There are many different ways to build and define functional team roles. It could simply be a team with representatives from each of the core functions – finance, manufacturing, and technical. In smaller environments, this may be just one person from each discipline. In larger environments, each of these disciplines might have a representative from different areas, such as A/P, A/R, collections, and so on from finance. The key is to involve individuals who can clearly define and explain the current process and future requirement needs for their core area. This team will also be the trainers for the folks in their respective departments, so be sure to choose members who have this ability.
There is also a solid argument for building cross-functional teams. The more team members who learn about other areas of the company, the more they understand how the entire system ties together.
Inevitably, your company will need to modify existing reports that come with your newly selected ERP software or create completely custom reports using a third-party report-writing tool. You can pay your ERP vendor to modify and write your reports, but many companies prefer to have that talent in-house. An internal report writer is a valuable asset who knows the reporting tools and table structure of your database. There will always be reporting needs well beyond your “go-live” date as users learn more about the system, and strive to grow and improve upon the initial scope.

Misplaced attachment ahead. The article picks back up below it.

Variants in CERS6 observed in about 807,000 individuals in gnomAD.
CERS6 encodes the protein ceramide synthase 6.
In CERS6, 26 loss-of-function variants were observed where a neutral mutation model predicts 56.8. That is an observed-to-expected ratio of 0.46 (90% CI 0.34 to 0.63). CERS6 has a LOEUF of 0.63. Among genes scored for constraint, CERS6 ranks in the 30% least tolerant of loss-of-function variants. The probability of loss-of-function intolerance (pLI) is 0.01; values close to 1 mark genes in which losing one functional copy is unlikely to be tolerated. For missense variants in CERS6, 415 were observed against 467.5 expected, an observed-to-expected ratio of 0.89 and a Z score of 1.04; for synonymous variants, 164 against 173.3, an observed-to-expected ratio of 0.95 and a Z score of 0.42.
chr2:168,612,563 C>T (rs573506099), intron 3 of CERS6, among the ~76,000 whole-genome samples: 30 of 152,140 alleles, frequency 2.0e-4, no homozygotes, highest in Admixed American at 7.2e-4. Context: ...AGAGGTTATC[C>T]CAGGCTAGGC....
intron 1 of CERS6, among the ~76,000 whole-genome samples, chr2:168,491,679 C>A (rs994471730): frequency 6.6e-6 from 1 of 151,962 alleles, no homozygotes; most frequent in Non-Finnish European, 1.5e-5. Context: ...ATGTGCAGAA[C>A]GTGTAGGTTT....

In smaller companies, the report writer may be the super user also. In larger companies, it generally falls into the role of information technology. If it is indeed an IT role, loop the super user into the process to avoid writing reports that already exist.
Also, consider which team members will be responsible for documenting business processes and work instructions. In smaller companies, the super user might write all the standard operating procedures. In larger implementations, the functional team members will be responsible for this task. While your implementation vendor may help direct this task, your internal resources should be responsible for the actual creation of the processes to take ownership of the final implementation stages.
Plan for ERP implementation success
There are many other ERP project team members, roles, and responsibilities, but the above ERP project team structure is the core of any implementation. As long as these roles and responsibilities are filled and committed to, a company stands a greater chance at success. Concentrate on building the five essential roles (or teams) listed above, and then lean on the experience of the chosen implementation partner to help determine the balance of the project team.